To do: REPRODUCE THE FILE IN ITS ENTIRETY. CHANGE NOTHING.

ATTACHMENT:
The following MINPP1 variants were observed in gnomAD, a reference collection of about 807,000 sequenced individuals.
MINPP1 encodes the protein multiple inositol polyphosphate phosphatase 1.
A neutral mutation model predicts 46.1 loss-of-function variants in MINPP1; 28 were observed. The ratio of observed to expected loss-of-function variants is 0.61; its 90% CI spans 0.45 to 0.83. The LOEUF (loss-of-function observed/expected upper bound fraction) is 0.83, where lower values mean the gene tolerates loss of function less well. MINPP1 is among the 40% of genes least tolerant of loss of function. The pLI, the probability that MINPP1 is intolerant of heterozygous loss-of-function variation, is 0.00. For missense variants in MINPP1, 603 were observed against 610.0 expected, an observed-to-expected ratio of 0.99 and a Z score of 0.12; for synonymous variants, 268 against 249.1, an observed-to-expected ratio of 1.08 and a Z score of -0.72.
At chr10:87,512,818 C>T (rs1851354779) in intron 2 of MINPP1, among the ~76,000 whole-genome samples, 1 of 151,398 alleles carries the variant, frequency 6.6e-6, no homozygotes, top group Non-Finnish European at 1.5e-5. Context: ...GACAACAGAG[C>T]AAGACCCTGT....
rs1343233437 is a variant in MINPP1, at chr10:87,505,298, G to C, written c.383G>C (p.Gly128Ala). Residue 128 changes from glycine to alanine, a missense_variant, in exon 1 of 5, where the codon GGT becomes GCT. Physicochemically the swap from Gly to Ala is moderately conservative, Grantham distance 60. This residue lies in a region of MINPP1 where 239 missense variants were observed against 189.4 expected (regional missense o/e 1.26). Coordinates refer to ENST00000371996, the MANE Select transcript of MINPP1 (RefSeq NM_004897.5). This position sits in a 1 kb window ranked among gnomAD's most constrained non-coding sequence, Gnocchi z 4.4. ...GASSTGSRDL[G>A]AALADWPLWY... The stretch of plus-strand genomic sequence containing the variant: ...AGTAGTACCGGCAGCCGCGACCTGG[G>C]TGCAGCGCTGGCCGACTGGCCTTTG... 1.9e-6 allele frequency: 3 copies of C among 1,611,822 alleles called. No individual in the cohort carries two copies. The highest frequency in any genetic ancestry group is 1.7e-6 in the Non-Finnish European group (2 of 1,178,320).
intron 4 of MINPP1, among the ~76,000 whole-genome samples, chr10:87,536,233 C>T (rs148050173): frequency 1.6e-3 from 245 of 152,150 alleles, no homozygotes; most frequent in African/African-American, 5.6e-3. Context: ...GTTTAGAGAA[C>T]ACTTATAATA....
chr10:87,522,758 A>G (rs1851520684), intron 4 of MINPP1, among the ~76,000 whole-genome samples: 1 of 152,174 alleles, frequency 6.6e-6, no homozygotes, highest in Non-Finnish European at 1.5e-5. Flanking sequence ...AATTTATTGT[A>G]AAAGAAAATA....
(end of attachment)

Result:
The following MINPP1 variants were observed in gnomAD, a reference collection of about 807,000 sequenced individuals.
MINPP1 encodes the protein multiple inositol polyphosphate phosphatase 1.
A neutral mutation model predicts 46.1 loss-of-function variants in MINPP1; 28 were observed. The ratio of observed to expected loss-of-function variants is 0.61; its 90% CI spans 0.45 to 0.83. The LOEUF (loss-of-function observed/expected upper bound fraction) is 0.83, where lower values mean the gene tolerates loss of function less well. MINPP1 is among the 40% of genes least tolerant of loss of function. The pLI, the probability that MINPP1 is intolerant of heterozygous loss-of-function variation, is 0.00. For missense variants in MINPP1, 603 were observed against 610.0 expected, an observed-to-expected ratio of 0.99 and a Z score of 0.12; for synonymous variants, 268 against 249.1, an observed-to-expected ratio of 1.08 and a Z score of -0.72.
At chr10:87,512,818 C>T (rs1851354779) in intron 2 of MINPP1, among the ~76,000 whole-genome samples, 1 of 151,398 alleles carries the variant, frequency 6.6e-6, no homozygotes, top group Non-Finnish European at 1.5e-5. Context: ...GACAACAGAG[C>T]AAGACCCTGT....
rs1343233437 is a variant in MINPP1, at chr10:87,505,298, G to C, written c.383G>C (p.Gly128Ala). Residue 128 changes from glycine to alanine, a missense_variant, in exon 1 of 5, where the codon GGT becomes GCT. Physicochemically the swap from Gly to Ala is moderately conservative, Grantham distance 60. This residue lies in a region of MINPP1 where 239 missense variants were observed against 189.4 expected (regional missense o/e 1.26). Coordinates refer to ENST00000371996, the MANE Select transcript of MINPP1 (RefSeq NM_004897.5). This position sits in a 1 kb window ranked among gnomAD's most constrained non-coding sequence, Gnocchi z 4.4. ...GASSTGSRDL[G>A]AALADWPLWY... The stretch of plus-strand genomic sequence containing the variant: ...AGTAGTACCGGCAGCCGCGACCTGG[G>C]TGCAGCGCTGGCCGACTGGCCTTTG... 1.9e-6 allele frequency: 3 copies of C among 1,611,822 alleles called. No individual in the cohort carries two copies. The highest frequency in any genetic ancestry group is 1.7e-6 in the Non-Finnish European group (2 of 1,178,320).
intron 4 of MINPP1, among the ~76,000 whole-genome samples, chr10:87,536,233 C>T (rs148050173): frequency 1.6e-3 from 245 of 152,150 alleles, no homozygotes; most frequent in African/African-American, 5.6e-3. Context: ...GTTTAGAGAA[C>T]ACTTATAATA....
chr10:87,522,758 A>G (rs1851520684), intron 4 of MINPP1, among the ~76,000 whole-genome samples: 1 of 152,174 alleles, frequency 6.6e-6, no homozygotes, highest in Non-Finnish European at 1.5e-5. Flanking sequence ...AATTTATTGT[A>G]AAAGAAAATA....